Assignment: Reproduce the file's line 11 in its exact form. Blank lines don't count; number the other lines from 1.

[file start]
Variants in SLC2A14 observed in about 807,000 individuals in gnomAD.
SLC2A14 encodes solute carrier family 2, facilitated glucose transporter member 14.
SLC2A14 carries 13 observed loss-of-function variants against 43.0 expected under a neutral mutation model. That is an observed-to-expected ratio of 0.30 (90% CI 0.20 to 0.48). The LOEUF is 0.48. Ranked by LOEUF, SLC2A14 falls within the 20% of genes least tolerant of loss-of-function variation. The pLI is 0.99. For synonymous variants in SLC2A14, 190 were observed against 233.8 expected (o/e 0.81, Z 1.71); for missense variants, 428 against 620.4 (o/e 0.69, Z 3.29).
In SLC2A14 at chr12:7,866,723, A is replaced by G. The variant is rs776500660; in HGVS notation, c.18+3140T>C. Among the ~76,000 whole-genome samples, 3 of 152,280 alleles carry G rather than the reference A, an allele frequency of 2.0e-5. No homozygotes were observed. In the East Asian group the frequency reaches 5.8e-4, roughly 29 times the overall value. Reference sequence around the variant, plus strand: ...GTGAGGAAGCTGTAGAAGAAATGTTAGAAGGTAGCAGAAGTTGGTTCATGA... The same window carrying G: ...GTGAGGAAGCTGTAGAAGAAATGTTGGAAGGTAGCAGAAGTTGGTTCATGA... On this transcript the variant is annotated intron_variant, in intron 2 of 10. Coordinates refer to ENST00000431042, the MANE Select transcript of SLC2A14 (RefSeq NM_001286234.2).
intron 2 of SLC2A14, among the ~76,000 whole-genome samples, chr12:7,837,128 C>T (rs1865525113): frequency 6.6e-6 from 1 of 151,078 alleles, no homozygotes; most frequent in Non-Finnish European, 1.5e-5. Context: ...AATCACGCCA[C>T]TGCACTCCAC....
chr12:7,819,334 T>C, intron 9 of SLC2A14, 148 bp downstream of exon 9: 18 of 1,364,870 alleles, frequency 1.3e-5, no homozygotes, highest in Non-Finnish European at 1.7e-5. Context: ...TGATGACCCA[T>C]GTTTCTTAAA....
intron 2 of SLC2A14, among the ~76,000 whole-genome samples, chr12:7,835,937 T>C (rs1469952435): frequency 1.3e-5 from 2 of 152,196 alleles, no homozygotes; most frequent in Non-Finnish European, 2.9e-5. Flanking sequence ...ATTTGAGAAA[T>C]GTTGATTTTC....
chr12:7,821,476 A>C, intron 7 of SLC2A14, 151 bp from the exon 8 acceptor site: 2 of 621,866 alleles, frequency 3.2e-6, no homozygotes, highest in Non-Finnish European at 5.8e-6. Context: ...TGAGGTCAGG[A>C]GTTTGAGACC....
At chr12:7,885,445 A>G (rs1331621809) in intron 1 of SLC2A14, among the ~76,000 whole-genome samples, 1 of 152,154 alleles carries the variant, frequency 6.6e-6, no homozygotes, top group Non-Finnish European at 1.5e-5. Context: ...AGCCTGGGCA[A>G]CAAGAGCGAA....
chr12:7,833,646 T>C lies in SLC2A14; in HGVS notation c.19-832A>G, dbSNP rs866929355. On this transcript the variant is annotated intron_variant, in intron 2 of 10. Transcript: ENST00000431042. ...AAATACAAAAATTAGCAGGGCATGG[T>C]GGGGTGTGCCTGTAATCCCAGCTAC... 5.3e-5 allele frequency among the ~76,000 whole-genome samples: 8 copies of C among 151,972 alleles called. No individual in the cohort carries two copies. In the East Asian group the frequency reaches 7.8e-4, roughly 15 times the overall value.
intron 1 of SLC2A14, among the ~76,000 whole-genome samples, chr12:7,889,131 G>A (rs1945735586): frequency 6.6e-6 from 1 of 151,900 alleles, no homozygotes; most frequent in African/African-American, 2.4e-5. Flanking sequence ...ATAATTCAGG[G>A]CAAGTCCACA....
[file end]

intron 1 of SLC2A14, among the ~76,000 whole-genome samples, chr12:7,889,131 G>A (rs1945735586): frequency 6.6e-6 from 1 of 151,900 alleles, no homozygotes; most frequent in African/African-American, 2.4e-5. Flanking sequence ...ATAATTCAGG[G>A]CAAGTCCACA....